Published in the highly respected The Lancet Psychiatry, researchers looked at the brain volumes of 3,200 people with ADHD. They found brain differences in those areas of the brain that would correlate with the problems ADHD children and adults report, proving it’s a real condition, it’s not just our imagination, and disproving the claim “everyone has ‘ADHD'”.
A Word of caution: Whenever I see research like this, I know that some will think “So ADHD is real. Our brains are different. It’s genetic.”
Well, the danger here is confusing real with genetic, and genetic with “unchangeable.”
What We Can Learn from Other Disorders
In this report in science daily, they quote Dr Martine Hoogman of Radboud University as saying:
“…Similar differences in brain volume are also seen in other psychiatric disorders, especially major depressive disorder.”
Well, whilst depression has been over-simplified over the years by cultural memes such as “it’s genetic” and “it’s caused by low serotonin”, today we know that is not exactly true.
75% of people come out of depression within 6 months with no treatment, 25% get stuck there, and those that get “stuck” there tend to have a depressive thinking style that they learned. That same thinking style can be challenged and unlearned through cognitive therapies such as CBT and Solution Focused Hypnotherapy.
As for low serotonin, it turns out that’s at least only half true after all. Some people can have high serotonin and still be depressed, and only 1/3 of depressives respond to anti-depressants (normally those that over-sleep). What’s more, there was never a scientific consensus that depressed people have “low serotonin” despite the fact many doctors still spread that meme today.
Does it have a genetic component? Yes, most disorders do, but when it comes to “nature versus nurture” it’s more a case of nature plus nurture – they both impact you – but in the case of depression nurture is a bigger factor.
I sometimes wonder if many of the “common wisdom” today within the world of ADHD, will one day turn out to be shown false or not so true in the future. For example, the idea that ADHD is “low dopamine” which is a chemical brain difference may turn out to be not so true after all, just like depression’s serotonin theory (although I do tend to use that idea, myself)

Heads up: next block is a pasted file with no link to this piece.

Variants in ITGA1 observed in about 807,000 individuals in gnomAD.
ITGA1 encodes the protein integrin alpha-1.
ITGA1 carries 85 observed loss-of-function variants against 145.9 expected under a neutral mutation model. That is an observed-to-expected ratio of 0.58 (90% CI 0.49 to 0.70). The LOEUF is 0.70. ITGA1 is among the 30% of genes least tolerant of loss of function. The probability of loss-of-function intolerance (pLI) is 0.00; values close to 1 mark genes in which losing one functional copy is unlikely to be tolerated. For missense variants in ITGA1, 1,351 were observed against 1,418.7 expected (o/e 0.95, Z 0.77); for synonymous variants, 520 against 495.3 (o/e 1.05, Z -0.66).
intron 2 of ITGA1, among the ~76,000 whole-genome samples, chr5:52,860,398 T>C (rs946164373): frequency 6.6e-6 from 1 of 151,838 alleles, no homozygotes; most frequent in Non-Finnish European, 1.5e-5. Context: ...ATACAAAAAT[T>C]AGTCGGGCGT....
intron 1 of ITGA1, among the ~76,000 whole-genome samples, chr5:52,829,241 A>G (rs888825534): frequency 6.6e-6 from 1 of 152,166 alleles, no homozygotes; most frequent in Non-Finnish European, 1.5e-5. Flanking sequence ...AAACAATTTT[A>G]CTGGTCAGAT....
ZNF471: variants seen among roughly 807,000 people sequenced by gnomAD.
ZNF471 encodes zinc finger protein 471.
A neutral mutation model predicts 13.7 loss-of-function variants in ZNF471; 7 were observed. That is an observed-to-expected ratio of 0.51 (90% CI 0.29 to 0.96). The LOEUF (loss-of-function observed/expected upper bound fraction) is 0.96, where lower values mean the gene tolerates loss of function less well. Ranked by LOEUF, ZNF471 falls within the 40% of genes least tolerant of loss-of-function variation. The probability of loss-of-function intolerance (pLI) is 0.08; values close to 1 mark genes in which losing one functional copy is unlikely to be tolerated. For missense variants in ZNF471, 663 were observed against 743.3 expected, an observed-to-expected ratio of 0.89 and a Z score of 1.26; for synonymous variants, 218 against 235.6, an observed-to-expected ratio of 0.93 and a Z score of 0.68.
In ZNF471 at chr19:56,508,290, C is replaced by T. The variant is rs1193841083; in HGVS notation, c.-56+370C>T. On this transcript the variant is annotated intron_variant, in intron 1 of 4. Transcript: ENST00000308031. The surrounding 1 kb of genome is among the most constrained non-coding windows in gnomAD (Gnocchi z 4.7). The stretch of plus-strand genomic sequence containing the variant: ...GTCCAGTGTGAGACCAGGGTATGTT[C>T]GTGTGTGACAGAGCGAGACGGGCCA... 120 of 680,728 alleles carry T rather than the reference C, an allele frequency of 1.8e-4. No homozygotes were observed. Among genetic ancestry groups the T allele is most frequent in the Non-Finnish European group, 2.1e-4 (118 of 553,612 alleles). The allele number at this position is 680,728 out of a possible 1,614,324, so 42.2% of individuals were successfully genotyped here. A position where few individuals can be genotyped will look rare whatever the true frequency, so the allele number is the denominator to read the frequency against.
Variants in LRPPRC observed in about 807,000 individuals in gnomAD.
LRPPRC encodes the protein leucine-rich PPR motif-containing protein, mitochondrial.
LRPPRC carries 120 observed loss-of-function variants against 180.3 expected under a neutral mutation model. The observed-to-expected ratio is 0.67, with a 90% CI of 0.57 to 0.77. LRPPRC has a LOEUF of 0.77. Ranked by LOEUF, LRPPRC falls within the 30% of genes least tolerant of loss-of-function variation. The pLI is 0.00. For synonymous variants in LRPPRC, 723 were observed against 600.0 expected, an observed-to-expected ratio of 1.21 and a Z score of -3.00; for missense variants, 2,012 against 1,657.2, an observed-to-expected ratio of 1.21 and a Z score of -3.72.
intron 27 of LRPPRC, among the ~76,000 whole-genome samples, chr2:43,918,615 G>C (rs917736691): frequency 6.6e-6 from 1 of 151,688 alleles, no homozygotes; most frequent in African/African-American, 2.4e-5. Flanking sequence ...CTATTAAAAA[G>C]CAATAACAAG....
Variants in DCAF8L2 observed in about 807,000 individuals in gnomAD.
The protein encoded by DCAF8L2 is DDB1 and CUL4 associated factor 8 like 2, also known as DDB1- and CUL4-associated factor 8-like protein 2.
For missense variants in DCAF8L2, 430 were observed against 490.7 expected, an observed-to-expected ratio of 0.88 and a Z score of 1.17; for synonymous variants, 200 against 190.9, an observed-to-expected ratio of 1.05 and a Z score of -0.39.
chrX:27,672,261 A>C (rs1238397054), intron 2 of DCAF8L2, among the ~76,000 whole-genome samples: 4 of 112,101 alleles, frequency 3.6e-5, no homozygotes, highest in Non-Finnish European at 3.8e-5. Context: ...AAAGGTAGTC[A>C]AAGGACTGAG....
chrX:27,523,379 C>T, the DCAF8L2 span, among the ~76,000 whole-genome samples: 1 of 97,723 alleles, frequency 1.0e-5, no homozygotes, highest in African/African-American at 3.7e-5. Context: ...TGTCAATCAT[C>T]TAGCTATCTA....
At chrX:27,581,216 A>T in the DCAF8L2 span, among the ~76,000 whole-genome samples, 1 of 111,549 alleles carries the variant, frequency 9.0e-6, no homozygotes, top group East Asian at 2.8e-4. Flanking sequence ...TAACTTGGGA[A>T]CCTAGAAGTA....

As for ADHD, only certain people develop it because certain people are prone to it. Why? Well it is one of the most heritable conditions (70%) and has a strong genetic component: a certain personality-biological “type” is prone to the disorder. It’s not like one year I have ADHD, then the next it gets replaced by OCD. When under stress, that certain “type” exhibits the symptoms of ADHD as their own, unique way of dealing with unresolved stress.
Early Detection & Intervention Key To Changing the ADHD brain
But let’s not confuse, as I said, real with genetic and genetic for “unchangeable.”
ADHD is no more fixed or “unchangeable” than depression. According to many top ADHD experts like Russel Berkley, “ADHD is the most responsive disorder to treatment that we know of.”
This is good news. ADHD is developmental, that’s why some but not all appear to “grow out of it.” But, and it’s a big but, if caught early enough and given the right treatment, the outcomes are good.
Even when this disorder is diagnosed later in life, with the right treatment outcomes can be positive too.
Never, ever, consign yourself to the belief that our brain differences mean that we are doomed. It is not so. If we look at the research on neuroplasticity, we have seen over and over how the brain can change surprisingly rapidly. For example, in studies on meditation and mindfulness we have seen physical changes within the brain within as little as 8-12 weeks.
So, this latest research shows us that certain areas of our brain are “behind”, but this is not fixed. With proper treatments (including a holistic mix of medication, exercise, nutrition, and therapy) giving proper “exercise” of these brain regions, improvements are indeed possible.
“Stop judging how far people have to go. Start celebrating how far they’ve come.” ~Anon